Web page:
One of the first things that one notices when looking at Cardano is that it is committed to advancing itself through a scientific model and mathematical principles. It does this in a few ways:

  1. It is the first blockchain technology to be written in the Haskell programming language. The syntax with the Haskell language closely resembles mathematical algorithms, making its implementation relatively simple. Additionally, it is noted to eliminate bugs early in the development process during compile time compared to other languages among other benefits.
  2. Development of Cardano is led by academics and engineers. Its capabilities are fleshed out in peer reviewed white papers.
  3. Its consensus protocol has been mathematically provably secure proof-of-stake protocol.

This commitment to scientific methodology removes much of the doubt surrounding many other cryptos which seem to be a set of disjointed ideas that may or may not make sense but which certainly are money grabs. The feeling with Cardano is that it is trying to accomplish something big.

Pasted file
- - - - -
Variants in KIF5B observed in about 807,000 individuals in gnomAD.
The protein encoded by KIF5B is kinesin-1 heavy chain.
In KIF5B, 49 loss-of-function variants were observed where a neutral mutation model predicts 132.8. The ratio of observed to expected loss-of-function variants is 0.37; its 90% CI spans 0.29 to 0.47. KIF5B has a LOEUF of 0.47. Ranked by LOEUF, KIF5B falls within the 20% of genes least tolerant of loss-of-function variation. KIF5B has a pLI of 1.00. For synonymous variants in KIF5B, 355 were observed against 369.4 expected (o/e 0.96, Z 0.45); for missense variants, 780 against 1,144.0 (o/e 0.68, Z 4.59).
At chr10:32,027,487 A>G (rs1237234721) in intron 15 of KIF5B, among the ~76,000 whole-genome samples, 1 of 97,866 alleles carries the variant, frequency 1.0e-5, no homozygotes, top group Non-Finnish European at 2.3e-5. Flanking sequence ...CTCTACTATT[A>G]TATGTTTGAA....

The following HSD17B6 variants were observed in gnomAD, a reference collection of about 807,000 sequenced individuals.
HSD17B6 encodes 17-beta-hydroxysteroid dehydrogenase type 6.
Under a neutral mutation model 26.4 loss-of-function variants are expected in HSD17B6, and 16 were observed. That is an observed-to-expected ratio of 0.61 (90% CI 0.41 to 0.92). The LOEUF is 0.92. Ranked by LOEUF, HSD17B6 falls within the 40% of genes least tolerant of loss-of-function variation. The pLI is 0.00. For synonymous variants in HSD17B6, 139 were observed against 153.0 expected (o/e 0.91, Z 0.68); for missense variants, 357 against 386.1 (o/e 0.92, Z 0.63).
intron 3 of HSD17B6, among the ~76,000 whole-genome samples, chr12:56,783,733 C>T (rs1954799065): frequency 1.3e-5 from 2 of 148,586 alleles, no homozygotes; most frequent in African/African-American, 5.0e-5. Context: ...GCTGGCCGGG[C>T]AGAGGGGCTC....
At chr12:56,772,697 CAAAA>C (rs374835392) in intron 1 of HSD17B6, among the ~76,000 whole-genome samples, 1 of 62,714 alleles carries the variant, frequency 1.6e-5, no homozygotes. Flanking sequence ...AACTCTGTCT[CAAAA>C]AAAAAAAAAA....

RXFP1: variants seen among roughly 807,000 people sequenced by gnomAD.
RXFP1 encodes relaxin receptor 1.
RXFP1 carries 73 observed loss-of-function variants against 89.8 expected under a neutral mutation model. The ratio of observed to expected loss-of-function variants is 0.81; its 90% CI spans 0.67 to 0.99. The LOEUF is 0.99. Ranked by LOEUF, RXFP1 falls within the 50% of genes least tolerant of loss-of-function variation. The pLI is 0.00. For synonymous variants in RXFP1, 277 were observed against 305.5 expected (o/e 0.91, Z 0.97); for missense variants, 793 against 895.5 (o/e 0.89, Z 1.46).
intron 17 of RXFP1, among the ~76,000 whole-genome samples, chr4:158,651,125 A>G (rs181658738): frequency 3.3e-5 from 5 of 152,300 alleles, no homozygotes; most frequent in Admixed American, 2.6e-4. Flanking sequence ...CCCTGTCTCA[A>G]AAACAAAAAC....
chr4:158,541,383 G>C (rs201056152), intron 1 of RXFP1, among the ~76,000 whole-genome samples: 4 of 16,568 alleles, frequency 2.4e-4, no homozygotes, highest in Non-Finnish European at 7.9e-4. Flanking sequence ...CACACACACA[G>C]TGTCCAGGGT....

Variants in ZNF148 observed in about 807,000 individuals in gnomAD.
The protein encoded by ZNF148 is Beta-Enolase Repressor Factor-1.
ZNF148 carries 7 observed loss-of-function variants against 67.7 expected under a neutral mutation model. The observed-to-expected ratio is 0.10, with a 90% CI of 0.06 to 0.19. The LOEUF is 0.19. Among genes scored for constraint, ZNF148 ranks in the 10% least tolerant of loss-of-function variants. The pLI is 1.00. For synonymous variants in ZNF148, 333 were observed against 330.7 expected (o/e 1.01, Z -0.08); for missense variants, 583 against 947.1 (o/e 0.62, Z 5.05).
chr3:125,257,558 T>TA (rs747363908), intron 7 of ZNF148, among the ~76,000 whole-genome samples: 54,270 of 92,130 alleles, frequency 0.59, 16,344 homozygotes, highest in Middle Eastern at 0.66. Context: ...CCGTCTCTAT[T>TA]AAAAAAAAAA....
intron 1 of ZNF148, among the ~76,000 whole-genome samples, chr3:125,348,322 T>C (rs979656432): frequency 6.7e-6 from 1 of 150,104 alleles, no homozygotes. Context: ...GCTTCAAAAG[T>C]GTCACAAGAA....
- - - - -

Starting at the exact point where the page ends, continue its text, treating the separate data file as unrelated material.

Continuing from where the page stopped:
Adaptability: layers, governance, and Daedalus

Cardano is borne from the frustrations that some developers have felt using Ethereum.

Ethereum does a lot of things well. It is a reliable store of value (compared to other cryptocurrencies) and has managed to mitigate the losses experienced by many of the other cryptocurrencies. It is also the gold standard for multi-use coin/platform. Its integration of secure smart contracts has allowed it to become the method de jour for ICOs and has drummed up significant interest both from organizations as well as from governments.

The problem with this dual functionality (storage of value and smart contracts) is that while each serves an important purpose, their integration makes Ethereum infinitely more complicated. Trying to fix the problems of one necessarily means that the other will be changed somehow. This is because Ethereum is monolithic. Its ledger is intrinsically tied from a code perspective to its smart contract functionality. Both of these things are sloshing together in one giant container. While this may have made sense for developmental expediency, it makes upgrading the system more difficult and cumbersome.

To solve this, Cardano silos off its ledger from its smart contracts into two separate layers: the Cardano Settlement Layer (CSL) and the Cardano Computation Layer (CCL).

The CSL is the part of Cardano that keeps tabs on balances and wallets. The CCL is the part of Cardano responsible for computations such as decentralized application and smart contracts. The two layers are able to interact with one another but are independent entities. This allows for discrete programming to be placed within the CCL without affecting the broader CSL.